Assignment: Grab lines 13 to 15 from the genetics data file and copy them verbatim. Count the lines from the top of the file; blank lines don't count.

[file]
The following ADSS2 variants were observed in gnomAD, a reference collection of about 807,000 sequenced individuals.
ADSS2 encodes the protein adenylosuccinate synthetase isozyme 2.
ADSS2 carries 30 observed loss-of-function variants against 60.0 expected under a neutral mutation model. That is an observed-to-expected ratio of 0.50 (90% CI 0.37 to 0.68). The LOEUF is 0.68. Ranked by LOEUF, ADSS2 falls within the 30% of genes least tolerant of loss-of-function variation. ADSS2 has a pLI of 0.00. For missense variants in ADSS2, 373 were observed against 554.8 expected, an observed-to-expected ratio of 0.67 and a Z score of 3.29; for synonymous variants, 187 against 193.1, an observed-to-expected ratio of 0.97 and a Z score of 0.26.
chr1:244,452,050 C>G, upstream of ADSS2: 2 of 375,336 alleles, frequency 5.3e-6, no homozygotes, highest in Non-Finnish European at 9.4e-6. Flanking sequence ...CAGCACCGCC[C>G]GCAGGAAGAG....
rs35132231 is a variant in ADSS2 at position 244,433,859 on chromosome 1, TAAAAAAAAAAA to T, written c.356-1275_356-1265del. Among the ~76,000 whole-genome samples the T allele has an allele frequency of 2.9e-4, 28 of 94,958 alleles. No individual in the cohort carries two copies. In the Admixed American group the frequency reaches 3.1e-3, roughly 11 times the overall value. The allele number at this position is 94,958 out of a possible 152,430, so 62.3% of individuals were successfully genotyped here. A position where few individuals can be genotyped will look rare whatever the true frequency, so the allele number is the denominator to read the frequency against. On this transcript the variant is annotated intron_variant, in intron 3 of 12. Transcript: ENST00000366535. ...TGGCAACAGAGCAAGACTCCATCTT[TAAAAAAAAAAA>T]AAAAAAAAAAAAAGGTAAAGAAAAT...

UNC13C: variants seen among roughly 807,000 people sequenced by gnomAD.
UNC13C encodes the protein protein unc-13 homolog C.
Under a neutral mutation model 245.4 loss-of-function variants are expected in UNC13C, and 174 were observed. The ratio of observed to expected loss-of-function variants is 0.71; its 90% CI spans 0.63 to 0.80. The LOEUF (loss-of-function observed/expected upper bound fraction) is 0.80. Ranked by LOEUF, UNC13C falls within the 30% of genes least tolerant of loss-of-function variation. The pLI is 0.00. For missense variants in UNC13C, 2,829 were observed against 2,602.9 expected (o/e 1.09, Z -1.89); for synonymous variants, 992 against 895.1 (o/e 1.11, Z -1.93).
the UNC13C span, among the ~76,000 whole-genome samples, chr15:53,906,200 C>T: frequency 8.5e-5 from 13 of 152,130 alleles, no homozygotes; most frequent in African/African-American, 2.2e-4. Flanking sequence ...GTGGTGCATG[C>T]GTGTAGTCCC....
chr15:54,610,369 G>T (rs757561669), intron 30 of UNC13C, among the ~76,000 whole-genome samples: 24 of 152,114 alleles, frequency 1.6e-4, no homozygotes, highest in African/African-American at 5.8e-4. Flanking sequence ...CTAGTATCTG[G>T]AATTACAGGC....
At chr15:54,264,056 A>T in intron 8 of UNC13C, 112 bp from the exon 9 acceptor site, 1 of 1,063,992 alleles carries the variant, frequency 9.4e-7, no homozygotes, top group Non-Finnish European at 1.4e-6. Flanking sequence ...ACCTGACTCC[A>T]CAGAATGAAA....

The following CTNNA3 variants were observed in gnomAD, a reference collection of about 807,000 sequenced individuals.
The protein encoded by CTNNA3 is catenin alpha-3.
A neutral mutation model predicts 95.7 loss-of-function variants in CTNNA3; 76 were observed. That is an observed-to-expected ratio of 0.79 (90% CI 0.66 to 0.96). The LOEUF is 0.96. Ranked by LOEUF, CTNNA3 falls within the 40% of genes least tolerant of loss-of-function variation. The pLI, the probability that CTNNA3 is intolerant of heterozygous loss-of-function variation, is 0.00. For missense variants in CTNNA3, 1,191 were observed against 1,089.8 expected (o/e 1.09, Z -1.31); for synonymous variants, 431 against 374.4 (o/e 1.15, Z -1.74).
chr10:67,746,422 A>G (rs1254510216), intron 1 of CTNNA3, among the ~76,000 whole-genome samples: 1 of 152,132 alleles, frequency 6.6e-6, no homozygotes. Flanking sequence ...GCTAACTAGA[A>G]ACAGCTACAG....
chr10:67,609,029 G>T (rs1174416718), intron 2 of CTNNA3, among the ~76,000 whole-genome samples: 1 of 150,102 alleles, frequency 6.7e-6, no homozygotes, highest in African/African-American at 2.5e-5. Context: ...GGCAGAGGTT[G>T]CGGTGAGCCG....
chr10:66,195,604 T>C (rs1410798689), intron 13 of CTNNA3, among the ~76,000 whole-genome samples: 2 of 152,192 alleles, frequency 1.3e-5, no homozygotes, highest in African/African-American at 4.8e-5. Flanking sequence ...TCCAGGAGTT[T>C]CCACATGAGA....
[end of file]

The protein encoded by CTNNA3 is catenin alpha-3.
A neutral mutation model predicts 95.7 loss-of-function variants in CTNNA3; 76 were observed. That is an observed-to-expected ratio of 0.79 (90% CI 0.66 to 0.96). The LOEUF is 0.96. Ranked by LOEUF, CTNNA3 falls within the 40% of genes least tolerant of loss-of-function variation. The pLI, the probability that CTNNA3 is intolerant of heterozygous loss-of-function variation, is 0.00. For missense variants in CTNNA3, 1,191 were observed against 1,089.8 expected (o/e 1.09, Z -1.31); for synonymous variants, 431 against 374.4 (o/e 1.15, Z -1.74).
chr10:67,746,422 A>G (rs1254510216), intron 1 of CTNNA3, among the ~76,000 whole-genome samples: 1 of 152,132 alleles, frequency 6.6e-6, no homozygotes. Flanking sequence ...GCTAACTAGA[A>G]ACAGCTACAG....